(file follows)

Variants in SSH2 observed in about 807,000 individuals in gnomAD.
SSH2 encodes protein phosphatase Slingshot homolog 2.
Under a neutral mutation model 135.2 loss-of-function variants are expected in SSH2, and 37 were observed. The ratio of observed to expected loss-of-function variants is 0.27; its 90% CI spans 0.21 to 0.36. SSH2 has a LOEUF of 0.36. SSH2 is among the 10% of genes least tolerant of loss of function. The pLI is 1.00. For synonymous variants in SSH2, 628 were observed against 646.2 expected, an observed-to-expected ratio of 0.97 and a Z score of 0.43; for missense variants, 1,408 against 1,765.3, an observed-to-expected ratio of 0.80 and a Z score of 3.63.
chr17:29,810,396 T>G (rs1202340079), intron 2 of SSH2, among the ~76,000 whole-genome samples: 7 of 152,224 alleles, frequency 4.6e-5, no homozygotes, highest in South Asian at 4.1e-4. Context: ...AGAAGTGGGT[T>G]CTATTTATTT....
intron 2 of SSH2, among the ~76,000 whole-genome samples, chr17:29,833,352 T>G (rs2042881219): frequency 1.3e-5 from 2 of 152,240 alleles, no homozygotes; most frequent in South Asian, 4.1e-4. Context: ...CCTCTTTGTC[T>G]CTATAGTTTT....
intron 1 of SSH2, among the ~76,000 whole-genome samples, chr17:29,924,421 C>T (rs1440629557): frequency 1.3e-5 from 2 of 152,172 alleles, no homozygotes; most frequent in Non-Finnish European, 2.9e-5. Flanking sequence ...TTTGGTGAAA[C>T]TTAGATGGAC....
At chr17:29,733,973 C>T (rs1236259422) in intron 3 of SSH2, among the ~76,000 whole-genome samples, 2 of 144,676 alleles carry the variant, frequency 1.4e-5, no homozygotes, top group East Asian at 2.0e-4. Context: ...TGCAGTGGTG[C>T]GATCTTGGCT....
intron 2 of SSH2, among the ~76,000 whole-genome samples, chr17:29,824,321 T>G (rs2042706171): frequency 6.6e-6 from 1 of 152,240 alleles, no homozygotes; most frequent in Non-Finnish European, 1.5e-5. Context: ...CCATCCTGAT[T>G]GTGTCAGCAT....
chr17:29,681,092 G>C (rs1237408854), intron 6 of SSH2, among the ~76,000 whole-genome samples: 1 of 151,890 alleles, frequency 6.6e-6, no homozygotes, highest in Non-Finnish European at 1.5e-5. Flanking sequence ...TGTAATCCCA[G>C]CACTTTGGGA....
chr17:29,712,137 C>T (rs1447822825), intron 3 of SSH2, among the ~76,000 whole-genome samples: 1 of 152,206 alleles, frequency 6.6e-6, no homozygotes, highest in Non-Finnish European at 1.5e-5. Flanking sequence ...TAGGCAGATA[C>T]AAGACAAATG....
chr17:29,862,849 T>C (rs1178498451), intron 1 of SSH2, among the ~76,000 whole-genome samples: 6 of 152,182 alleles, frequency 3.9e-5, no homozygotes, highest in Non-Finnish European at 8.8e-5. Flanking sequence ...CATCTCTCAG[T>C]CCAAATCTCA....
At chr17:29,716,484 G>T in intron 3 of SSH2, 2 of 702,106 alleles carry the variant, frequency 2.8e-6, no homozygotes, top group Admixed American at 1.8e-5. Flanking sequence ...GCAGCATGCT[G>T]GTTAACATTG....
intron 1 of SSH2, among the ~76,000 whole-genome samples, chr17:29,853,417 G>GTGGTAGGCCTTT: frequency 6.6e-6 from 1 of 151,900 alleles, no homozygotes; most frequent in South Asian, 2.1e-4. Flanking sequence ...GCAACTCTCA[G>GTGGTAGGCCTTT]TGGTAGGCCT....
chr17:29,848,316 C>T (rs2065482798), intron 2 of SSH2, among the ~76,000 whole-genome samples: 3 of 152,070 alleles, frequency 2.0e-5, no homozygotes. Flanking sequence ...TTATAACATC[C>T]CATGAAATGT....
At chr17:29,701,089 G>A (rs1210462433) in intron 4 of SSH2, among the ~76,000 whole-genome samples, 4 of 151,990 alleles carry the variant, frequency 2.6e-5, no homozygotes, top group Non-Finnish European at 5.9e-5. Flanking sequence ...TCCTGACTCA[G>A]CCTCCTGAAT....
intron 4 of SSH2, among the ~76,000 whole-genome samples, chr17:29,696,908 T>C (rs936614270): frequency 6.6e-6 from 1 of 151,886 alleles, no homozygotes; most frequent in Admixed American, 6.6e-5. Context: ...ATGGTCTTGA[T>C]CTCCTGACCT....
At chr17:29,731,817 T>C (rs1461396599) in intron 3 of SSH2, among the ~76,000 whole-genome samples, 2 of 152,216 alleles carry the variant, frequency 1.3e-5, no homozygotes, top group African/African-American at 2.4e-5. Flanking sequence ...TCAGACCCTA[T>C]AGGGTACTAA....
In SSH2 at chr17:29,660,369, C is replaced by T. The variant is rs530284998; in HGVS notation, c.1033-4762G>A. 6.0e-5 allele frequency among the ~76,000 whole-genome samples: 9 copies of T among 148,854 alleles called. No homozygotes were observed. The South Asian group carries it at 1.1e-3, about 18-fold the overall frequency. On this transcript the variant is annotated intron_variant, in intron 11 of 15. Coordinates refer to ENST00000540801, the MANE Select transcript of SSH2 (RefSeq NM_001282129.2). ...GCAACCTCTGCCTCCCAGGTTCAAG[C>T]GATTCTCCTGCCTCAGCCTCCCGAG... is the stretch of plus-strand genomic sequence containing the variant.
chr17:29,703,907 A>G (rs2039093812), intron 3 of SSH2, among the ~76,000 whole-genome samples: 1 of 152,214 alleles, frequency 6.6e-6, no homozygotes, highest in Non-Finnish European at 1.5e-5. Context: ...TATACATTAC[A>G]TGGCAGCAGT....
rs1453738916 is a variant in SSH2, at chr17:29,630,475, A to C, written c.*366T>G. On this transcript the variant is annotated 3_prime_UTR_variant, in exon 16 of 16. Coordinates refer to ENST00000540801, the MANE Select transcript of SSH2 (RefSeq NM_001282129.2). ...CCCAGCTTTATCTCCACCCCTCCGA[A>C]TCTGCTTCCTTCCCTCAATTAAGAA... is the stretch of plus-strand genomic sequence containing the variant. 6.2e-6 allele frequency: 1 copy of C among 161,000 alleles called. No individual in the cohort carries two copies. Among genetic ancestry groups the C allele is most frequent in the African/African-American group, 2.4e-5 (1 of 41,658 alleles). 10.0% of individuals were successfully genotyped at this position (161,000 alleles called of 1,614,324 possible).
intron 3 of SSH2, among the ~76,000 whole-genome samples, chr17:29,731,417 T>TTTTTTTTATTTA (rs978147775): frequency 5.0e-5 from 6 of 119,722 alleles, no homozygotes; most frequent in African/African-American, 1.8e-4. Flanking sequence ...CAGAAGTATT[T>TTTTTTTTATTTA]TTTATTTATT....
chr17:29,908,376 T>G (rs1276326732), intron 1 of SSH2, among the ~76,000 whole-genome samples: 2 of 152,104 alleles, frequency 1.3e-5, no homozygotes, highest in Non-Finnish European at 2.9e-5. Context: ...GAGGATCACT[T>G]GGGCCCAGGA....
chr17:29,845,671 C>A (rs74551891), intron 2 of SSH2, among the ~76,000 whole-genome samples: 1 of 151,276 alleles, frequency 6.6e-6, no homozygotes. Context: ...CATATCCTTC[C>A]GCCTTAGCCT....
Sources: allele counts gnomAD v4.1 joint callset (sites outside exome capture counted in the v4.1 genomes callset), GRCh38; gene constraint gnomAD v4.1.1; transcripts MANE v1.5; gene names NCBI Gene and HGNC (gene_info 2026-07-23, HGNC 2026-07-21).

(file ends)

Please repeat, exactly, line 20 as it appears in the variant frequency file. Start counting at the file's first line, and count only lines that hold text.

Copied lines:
rs1453738916 is a variant in SSH2, at chr17:29,630,475, A to C, written c.*366T>G. On this transcript the variant is annotated 3_prime_UTR_variant, in exon 16 of 16. Coordinates refer to ENST00000540801, the MANE Select transcript of SSH2 (RefSeq NM_001282129.2). ...CCCAGCTTTATCTCCACCCCTCCGA[A>C]TCTGCTTCCTTCCCTCAATTAAGAA... is the stretch of plus-strand genomic sequence containing the variant. 6.2e-6 allele frequency: 1 copy of C among 161,000 alleles called. No individual in the cohort carries two copies. Among genetic ancestry groups the C allele is most frequent in the African/African-American group, 2.4e-5 (1 of 41,658 alleles). 10.0% of individuals were successfully genotyped at this position (161,000 alleles called of 1,614,324 possible).